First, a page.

Cyprus: Last-Minute Bailout Doesn’t Address Eurozone’s Underlying Systemic Issues

Patrick Pleul/dpa/picture-alliance/Newscom

A last-minute accord struck early Monday morning between Cypriot authorities and International Monetary Fund and European Union officials is being hailed in Brussels as a breakthrough. In reality, the agreement simply papers over serious structural fractures within the eurozone and is likely nothing more than a temporary solution to long-term problems.

The deal will tax deposits over €100,000 in the two largest Cypriot banks at a 30–40 percent rate—an unprecedented move to take money from depositors—in order to qualify for a €10 billion eurozone bailout. The deal will also break up the Cyprus Popular Bank, the second largest bank in Cyprus.

Cyprus Popular Bank depositors under €100,000 will be transferred to the Bank of Cyprus, the nation’s largest bank, in order to help shore up its balance sheet. The deal essentially creates a good bank and a bad bank.

Last Tuesday, the Cypriot parliament rejected an initial plan to raise capital by taxing all bank deposits, a plan that drew widespread public protest.

Despite the fact that the gross domestic product of Cyprus amounts to less than a half percent of that of the total eurozone, the impact of recent events will echo throughout Europe. Dutch Finance Minister Jeroen Dijsselbloem had to walk back his comments that the Cyprus bailout could become the template for future bailouts, comments that spooked investors in other eurozone countries.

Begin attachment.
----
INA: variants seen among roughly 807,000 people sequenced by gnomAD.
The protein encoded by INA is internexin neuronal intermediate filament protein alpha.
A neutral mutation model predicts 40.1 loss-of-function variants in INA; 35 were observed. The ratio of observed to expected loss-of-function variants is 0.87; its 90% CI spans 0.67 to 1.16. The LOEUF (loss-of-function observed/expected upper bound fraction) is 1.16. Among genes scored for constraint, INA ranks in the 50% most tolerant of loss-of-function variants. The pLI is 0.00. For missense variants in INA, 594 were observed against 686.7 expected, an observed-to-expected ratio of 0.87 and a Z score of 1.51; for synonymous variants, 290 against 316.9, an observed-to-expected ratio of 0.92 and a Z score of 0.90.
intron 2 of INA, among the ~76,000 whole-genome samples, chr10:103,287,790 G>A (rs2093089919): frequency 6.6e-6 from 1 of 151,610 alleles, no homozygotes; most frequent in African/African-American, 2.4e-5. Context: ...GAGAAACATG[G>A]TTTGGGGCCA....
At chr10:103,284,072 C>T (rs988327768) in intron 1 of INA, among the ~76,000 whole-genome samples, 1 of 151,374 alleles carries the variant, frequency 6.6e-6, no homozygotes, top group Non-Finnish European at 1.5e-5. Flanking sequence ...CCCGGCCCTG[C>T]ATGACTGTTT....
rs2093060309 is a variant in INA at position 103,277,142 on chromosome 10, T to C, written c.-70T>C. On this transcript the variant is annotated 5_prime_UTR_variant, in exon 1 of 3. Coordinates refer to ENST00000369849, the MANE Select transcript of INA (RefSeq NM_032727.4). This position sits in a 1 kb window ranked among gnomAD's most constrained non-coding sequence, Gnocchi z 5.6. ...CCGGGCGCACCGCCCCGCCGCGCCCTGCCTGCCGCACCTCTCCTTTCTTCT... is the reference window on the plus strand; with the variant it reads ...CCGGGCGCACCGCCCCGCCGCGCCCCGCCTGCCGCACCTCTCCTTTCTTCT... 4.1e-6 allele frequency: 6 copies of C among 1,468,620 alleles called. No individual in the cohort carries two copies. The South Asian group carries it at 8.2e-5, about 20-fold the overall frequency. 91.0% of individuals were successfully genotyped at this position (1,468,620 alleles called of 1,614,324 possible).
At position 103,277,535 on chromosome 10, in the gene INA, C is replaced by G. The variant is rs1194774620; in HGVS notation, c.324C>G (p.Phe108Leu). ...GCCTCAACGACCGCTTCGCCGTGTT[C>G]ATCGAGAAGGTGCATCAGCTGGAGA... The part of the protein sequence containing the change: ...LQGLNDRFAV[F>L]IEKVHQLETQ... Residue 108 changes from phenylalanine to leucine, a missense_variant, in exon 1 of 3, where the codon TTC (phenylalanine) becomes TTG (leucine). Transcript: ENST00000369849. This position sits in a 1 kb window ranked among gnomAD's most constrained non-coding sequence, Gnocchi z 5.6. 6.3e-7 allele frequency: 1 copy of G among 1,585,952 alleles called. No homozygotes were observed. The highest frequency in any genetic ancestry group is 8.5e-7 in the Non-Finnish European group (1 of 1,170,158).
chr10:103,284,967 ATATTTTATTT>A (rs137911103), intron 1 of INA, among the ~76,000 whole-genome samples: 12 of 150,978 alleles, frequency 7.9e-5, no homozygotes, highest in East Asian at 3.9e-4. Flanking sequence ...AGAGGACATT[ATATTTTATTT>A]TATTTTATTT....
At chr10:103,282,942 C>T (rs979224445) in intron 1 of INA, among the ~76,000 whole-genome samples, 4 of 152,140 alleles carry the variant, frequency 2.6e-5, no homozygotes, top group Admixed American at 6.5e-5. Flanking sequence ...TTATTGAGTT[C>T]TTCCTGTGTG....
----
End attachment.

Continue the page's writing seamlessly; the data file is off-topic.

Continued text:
The continued absorption of power into Brussels has undermined the economic competitiveness of countries within the eurozone, and countries themselves have been loath to rein in profligate spending, which has undermined their competitiveness. Cyprus is certainly no exception.

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An economic crisis like the one facing Cyprus will continue to occur so long as the eurozone remains politically unaccountable and undemocratic. As Heritage’s Luke Coffey explains:

Europe needs to return to fundamental basics of democracy. Power needs to be brought back to the member states and to the people. The intrusive and excessive EU regulations need to be curtailed. The wasteful spending in Brussels needs to end. Economic policies of growth need to be pursued. The excessive borrowing and entitlement programs need to stop.

The future of Cyprus as a eurozone member remains in doubt, as two-thirds of Cypriots favor leaving the eurozone, and the implications of the bailout on future growth have yet to be seen. What is certain is that systemic fractures within the eurozone remain, and until they are addressed, the past week’s drama is likely to be just a warm-up act.

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